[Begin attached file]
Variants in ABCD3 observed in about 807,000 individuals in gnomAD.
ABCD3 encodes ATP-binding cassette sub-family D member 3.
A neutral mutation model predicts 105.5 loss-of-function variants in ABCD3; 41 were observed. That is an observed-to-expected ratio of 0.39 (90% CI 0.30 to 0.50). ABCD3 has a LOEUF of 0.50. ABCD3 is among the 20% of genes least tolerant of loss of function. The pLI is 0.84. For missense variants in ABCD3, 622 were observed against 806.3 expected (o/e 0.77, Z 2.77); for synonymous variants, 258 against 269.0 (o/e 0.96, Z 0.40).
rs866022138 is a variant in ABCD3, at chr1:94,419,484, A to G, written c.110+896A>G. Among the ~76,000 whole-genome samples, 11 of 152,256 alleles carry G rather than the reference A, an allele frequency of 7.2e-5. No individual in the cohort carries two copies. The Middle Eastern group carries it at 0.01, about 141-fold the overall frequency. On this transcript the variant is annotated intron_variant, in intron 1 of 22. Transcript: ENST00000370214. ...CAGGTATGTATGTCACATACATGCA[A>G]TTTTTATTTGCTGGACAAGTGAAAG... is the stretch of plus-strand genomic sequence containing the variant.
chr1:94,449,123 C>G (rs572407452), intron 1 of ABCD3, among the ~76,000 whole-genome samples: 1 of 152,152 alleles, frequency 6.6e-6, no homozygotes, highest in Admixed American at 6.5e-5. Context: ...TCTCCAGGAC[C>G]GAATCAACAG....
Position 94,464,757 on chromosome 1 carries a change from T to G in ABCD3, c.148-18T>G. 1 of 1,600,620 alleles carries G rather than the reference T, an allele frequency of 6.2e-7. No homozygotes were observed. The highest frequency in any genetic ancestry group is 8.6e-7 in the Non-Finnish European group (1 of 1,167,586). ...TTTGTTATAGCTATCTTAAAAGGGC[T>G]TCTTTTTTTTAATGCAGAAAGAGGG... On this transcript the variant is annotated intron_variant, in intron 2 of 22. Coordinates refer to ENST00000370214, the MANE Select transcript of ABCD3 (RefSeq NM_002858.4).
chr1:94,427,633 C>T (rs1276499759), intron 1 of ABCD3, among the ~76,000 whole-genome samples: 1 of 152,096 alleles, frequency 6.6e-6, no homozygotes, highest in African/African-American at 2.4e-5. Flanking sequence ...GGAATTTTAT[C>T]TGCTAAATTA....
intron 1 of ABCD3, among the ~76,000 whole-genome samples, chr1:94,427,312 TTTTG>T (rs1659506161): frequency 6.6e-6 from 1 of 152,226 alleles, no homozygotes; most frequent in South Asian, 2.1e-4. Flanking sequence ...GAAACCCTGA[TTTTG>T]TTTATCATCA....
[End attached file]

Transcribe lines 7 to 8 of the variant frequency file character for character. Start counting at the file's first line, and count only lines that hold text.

chr1:94,427,633 C>T (rs1276499759), intron 1 of ABCD3, among the ~76,000 whole-genome samples: 1 of 152,096 alleles, frequency 6.6e-6, no homozygotes, highest in African/African-American at 2.4e-5. Flanking sequence ...GGAATTTTAT[C>T]TGCTAAATTA....
intron 1 of ABCD3, among the ~76,000 whole-genome samples, chr1:94,427,312 TTTTG>T (rs1659506161): frequency 6.6e-6 from 1 of 152,226 alleles, no homozygotes; most frequent in South Asian, 2.1e-4. Flanking sequence ...GAAACCCTGA[TTTTG>T]TTTATCATCA....